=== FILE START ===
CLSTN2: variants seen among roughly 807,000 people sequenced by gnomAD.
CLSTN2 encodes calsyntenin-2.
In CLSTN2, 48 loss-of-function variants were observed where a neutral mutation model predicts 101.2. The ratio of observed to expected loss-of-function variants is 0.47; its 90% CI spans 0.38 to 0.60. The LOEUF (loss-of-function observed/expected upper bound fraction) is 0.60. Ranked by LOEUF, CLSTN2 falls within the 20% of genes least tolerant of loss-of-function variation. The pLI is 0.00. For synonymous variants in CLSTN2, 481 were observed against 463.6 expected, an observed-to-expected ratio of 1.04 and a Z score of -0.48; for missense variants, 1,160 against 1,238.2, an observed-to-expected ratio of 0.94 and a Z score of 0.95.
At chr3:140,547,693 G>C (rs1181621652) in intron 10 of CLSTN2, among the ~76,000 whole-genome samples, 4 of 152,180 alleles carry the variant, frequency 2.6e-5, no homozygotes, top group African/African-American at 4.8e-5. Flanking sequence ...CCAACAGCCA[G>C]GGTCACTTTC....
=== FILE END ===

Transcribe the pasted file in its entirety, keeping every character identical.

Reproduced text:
CLSTN2: variants seen among roughly 807,000 people sequenced by gnomAD.
CLSTN2 encodes calsyntenin-2.
In CLSTN2, 48 loss-of-function variants were observed where a neutral mutation model predicts 101.2. The ratio of observed to expected loss-of-function variants is 0.47; its 90% CI spans 0.38 to 0.60. The LOEUF (loss-of-function observed/expected upper bound fraction) is 0.60. Ranked by LOEUF, CLSTN2 falls within the 20% of genes least tolerant of loss-of-function variation. The pLI is 0.00. For synonymous variants in CLSTN2, 481 were observed against 463.6 expected, an observed-to-expected ratio of 1.04 and a Z score of -0.48; for missense variants, 1,160 against 1,238.2, an observed-to-expected ratio of 0.94 and a Z score of 0.95.
At chr3:140,547,693 G>C (rs1181621652) in intron 10 of CLSTN2, among the ~76,000 whole-genome samples, 4 of 152,180 alleles carry the variant, frequency 2.6e-5, no homozygotes, top group African/African-American at 4.8e-5. Flanking sequence ...CCAACAGCCA[G>C]GGTCACTTTC....